26 July 2010

Richard Learoyd

The Summer 2010 issue of Aperture has a feature on British photographer Richard Learoyd. Learoyd produces compelling images, mainly simple portraits, using a very primitive and unique method of image making. The word camera means "room" in Latin, and the original prephotographic cameras were camera obscuras, rooms or smaller chambered devices that projected an outside image onto a wall or screen, from which tracings were often made. Learoyd captures his images directly onto Ilfochrome photographic paper using one of these room-sized camera obscuras. Since there is no intermediary negative, and the prints are made with a 1:1 camera, each portrait is a one-off and life-sized or larger.

Richard Learoyd: Unique Photographs @ McKee Gallery

These portraits are studies in simplicity. The subjects are well chosen, people of unconventional beauty, simply posed and perfectly lit against a gray background. But what makes the images really striking are the optical characteristics of the photographic process used. Large cameras inherently have a very shallow depth of field, so in these pictures just the subject's face, with perhaps a hand or arm on the same plane, is sharply focused. And because these are not enlarged from an intermediate negative, this narrow in-focus plane is exceptionally sharp and detailed.

Erika 2007 [click to enlarge]

Unfortunately, small Web reproductions fail to convey the astonishing weight, density, mass, volume and dimensionality that this process produces. The small print reproductions in Aperture are compelling; in life, they must be staggering. You've never portraits like these. Unfortunately, as Peggy Roalf in Aperture notes, "The nature of film photography today generally excludes any sense of the surface from its describable qualities."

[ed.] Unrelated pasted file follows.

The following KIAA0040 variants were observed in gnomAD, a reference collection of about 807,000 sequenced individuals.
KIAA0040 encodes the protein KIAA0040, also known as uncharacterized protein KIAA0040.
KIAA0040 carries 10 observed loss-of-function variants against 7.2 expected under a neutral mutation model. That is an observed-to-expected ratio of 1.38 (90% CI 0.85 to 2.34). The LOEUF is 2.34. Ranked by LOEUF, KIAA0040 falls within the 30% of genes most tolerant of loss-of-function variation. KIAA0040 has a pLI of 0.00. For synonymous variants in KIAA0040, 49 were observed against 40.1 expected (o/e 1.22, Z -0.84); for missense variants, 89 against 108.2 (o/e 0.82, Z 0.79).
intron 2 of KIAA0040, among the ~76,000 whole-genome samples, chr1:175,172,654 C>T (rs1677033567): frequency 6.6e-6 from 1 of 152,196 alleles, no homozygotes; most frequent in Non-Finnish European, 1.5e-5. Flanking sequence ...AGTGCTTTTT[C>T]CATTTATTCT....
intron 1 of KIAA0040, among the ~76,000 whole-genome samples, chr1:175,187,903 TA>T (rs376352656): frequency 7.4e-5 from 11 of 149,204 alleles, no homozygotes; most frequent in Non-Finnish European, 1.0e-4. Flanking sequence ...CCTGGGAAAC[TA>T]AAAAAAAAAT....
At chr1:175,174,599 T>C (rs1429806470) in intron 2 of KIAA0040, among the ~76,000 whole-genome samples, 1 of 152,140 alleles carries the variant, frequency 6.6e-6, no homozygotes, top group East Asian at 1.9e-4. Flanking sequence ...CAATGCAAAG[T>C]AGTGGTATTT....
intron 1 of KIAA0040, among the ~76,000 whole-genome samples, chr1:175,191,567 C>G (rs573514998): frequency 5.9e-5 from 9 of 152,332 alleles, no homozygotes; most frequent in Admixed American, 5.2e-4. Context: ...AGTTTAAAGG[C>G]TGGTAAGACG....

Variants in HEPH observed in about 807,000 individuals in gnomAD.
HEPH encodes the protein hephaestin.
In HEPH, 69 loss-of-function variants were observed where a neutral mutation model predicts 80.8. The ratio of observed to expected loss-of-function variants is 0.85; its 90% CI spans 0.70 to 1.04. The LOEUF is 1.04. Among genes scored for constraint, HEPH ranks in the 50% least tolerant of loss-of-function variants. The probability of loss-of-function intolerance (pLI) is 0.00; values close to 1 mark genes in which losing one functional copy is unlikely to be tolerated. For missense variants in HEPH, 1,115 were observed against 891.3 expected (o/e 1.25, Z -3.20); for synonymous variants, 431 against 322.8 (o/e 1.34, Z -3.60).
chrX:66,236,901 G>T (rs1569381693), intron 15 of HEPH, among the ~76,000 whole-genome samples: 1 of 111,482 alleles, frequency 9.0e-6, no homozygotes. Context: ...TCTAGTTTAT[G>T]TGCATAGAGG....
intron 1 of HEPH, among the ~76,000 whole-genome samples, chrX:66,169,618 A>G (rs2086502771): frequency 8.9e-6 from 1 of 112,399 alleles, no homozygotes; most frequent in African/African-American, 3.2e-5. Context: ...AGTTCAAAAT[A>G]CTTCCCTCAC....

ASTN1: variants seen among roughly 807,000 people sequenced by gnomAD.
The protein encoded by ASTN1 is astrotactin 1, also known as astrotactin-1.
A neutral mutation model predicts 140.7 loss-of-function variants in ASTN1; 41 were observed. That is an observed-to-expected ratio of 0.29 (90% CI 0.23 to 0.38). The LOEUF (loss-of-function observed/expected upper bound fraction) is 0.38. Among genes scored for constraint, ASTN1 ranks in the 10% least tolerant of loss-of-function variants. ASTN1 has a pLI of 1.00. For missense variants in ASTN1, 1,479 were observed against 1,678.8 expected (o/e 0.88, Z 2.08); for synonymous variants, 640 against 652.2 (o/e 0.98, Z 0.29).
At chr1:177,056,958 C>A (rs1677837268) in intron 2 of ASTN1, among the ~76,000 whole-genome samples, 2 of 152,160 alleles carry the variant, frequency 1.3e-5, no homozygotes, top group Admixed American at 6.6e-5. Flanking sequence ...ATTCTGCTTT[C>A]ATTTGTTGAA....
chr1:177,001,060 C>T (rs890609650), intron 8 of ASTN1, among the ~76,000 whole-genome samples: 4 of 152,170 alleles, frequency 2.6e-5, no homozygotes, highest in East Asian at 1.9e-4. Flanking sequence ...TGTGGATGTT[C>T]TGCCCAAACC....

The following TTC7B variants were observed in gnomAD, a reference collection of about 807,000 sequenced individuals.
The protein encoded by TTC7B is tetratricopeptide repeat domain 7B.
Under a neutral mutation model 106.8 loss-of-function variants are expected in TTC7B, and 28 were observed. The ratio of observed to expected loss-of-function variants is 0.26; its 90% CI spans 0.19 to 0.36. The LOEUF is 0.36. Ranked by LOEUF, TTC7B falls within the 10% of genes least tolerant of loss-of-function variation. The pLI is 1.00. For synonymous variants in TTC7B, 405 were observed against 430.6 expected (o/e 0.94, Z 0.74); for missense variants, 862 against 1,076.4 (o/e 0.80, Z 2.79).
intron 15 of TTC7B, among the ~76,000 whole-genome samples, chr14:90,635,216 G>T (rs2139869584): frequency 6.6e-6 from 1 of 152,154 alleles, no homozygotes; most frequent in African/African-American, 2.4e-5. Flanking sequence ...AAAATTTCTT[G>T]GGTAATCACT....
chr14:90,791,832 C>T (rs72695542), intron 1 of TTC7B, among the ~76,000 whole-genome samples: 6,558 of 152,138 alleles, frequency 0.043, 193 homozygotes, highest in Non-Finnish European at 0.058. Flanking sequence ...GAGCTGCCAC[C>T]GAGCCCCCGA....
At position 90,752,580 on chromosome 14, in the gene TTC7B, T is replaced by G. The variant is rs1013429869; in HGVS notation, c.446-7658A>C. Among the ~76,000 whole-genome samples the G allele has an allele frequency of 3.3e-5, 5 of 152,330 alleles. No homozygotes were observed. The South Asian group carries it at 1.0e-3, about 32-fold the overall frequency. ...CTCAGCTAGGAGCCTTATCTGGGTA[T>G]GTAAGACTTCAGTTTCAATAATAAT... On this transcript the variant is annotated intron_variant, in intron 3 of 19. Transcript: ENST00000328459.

Learoyd himself says that he working in the tradition of daguerreotypes, "those nonreproducable photographic objects whose multiplaned surface and miraculous depth of field fascinate me. . . . [Y]ou see the object before the illusion. With my pictures, the illusion is very strong and breaks suddenly, and then only momentarily, which is something I like." The same qualities can been seen especially in modern daguerreotypes by artists like Chuck Close.

Bob Holman by Chuck Close [click to enlarge]

Martin Schoeller works in color film but gets the same aesthetic by likewise using a large (8x10 inch view) camera. These very large film/plate/obscura print formats can reproduce micro-transitions in tone and contrast, i.e., detail, that smaller formats cannot.

Jack Nicholson by Martin Schoeller

Because this acute dimensionality focuses on the eyes and face, the illusion produced is one of intense intimacy. Rarely are we so physically close to a stranger that every blemish on their face becomes a compelling visual subject. And we would never examine a stranger so closely; even if suffered by the subject, it would feel voyeuristic. But says Learoyd, "I think that maybe my search for detail or perfection in my photographs is a desire to illuminate imperfection and humanness. The invitation to scrutinize another, which is undoubtedly in my work, inevitably highlights the loneliness of the soul and the depressing isolation of the human condition. After all, who do we get to look at so closely, so carefully that the pores of their skin and the meniscus of liquid under their eyes are visible? It is the opportunity to look without embarrassment—as we do with our children or lovers."

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